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Unit information: Human Geography in 2015/16

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Unit name Human Geography
Unit code GEOG15020
Credit points 20
Level of study C/4
Teaching block(s) Teaching Block 4 (weeks 1-24)
Unit director Professor. Fannin
Open unit status Not open



All other units in year 1 BSc/MSci Single Honours Geography

School/department School of Geographical Sciences
Faculty Faculty of Science

Description including Unit Aims

Element 1 - Social Geography, Element 2 - Economic Geography, Element 3 - Population and Development Geography, Element 4 - Historical Geographies of Knowledge, Element 5 - Cultural Geography

The aims of this Unit are to introduce students to a number of key study areas within Human Geography

ELEMENT 1: Social Geography
This element introduces students to key concepts and theories of social relations in geography, focusing in particular on geographers’ claims that social relations are also spatial relations. The field of social geography is concerned, in part, with how experiences of injustice are mobilized to reshape social relations. Drawing on examples from historical and contemporary social movements, this element will emphasize the changing nature of social relations and how social differences are produced, maintained and contested.

ELEMENT 2: Economic Geography
This element introduces students to the field of economic geography, focusing in particular on globalisation. It makes the conceptual case for geographical approaches to the economy, examining a series of contemporary issues including regional development, the firm, agglomeration economies, and financial markets.

ELEMENT 3: Population and Development Geography
This element introduces students to key debates and research at the intersection of population studies and international development studies. It offers a global perspective on core themes including population growth, urbanization, poverty, migration, conflict and violence and sustainability. In exploring these themes we will address questions such as: Is the global population expanding beyond sustainable limits? Does Britain have an immigration problem? What is the difference between ‘developing’ and ‘developed’ countries? And can the welfare state survive without robots?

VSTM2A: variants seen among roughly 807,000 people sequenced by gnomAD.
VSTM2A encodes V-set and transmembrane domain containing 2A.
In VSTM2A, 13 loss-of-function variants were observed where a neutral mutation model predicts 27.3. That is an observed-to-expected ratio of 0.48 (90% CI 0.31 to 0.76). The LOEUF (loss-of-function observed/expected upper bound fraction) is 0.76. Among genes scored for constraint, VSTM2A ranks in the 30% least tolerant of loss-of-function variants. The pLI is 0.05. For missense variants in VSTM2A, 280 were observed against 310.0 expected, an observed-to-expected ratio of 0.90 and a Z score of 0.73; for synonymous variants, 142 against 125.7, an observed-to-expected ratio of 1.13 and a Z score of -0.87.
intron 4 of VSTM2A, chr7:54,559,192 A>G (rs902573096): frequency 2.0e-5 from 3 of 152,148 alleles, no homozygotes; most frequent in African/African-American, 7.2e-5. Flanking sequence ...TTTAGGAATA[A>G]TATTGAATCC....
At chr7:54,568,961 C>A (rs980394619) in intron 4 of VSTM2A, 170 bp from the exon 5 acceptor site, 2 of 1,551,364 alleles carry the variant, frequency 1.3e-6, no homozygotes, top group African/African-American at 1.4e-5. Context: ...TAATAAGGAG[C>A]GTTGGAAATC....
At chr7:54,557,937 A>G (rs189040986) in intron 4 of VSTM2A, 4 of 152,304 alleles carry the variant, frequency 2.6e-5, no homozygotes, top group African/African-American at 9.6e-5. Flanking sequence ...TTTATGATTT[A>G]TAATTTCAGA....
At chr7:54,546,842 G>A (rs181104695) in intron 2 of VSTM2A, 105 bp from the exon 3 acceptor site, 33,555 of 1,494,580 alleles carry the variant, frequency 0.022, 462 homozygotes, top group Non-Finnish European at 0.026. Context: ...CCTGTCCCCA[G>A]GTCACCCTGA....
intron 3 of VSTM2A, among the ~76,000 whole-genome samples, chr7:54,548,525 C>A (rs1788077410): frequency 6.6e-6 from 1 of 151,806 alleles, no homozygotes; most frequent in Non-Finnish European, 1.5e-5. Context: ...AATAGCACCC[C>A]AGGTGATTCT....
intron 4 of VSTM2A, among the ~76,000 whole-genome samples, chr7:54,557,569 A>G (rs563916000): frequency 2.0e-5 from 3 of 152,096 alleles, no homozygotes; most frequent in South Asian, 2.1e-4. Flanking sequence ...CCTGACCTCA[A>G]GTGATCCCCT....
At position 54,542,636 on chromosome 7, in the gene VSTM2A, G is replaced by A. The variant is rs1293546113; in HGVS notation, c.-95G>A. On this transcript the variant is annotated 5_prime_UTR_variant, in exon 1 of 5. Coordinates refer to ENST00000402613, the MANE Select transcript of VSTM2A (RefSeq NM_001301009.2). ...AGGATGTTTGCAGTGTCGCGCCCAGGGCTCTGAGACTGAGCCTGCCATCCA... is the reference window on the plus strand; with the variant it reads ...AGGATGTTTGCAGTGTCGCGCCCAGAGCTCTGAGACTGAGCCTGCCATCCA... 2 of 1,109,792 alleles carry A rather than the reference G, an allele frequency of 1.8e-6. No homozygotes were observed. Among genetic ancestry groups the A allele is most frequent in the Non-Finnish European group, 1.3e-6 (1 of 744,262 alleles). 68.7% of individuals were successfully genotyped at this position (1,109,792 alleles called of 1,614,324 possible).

ELEMENT 4: Historical Geographies of Knowledge
This element introduces students to historical geography, focusing on early modern England. The course emphasises the depth and complexity of societal and geographical changes, in place of the schematic treatments of industrialisation and imperialism prominent in many contemporary geographical texts, whether economic or cultural. London provides the entry point for a series of themes, involving both integrating and differentiating processes, at scales from the international circulations of goods and ideas through Atlantic and Indian Ocean economies, to intra-urban shifts in infrastructure and culture within the metropolis.

ELEMENT 5: Cultural Geography
This element introduces students to the sub-discipline of cultural geography and the range of processes through which the question of culture shapes the geographies of everyday life. Starting with the claim that there is a plurality of cultures, it will outline key aspects of ‘new’ cultural geography to investigate what this actually means for the practice of doing cultural geography through a series of key conceptual debates on, for example, landscape, embodiment, memory, technology, subjectivity and identity.

Intended Learning Outcomes

On completion of this Unit students should be able to:

  • Grasp key concepts and themes pertinent to human geography
  • Mobilise a set of case-studies that relate to environmental, historical, economic, social and cultural geography.

The following transferable skills are developed in this Unit:

  • Written communication
  • Numeracy
  • Problem solving
  • Analytical skills
  • Critical reasoning

Teaching Information

Lectures and a combination of one of the following for each of the different elements: practicals, seminars and fieldwork

Assessment Information


Practical assignments (50%)

1 2-hour written exam (50%)

Percentage of the unit that is coursework: 50%

Percentage of overall unit mark involving group work: 10%

Reading and References

  • Paul Cloke, Phil Crang and Mark Goodwin, eds. (2013) Introducing Human Geographies, 3rd edition, Routledge, London. ISBN-13: 978-1444135350

Other RECOMMENDED reading:

  1. Vincent J. Del Casino Jr., Mary Thomas, Paul Cloke, Ruth Panelli (2011) A Companion to Social Geography Wiley-Blackwell: Oxford.
  2. Timothy Dyson (2010) Population and Development London: Zed Books
  3. E.A. Wrigley (2004) Poverty, Progress, and Population Cambridge University Press: Cambridge.
  4. Trevor Barnes, Jamie Peck, Eric Sheppard and Adam Tickell, eds. (2003) Reading Economic Geography Wiley-Blackwell: Oxford
  5. Kay Anderson, Mona Domosh, Steve Pile and Nigel Thrift, eds. (2003) Handbook of Cultural Geography Sage: London.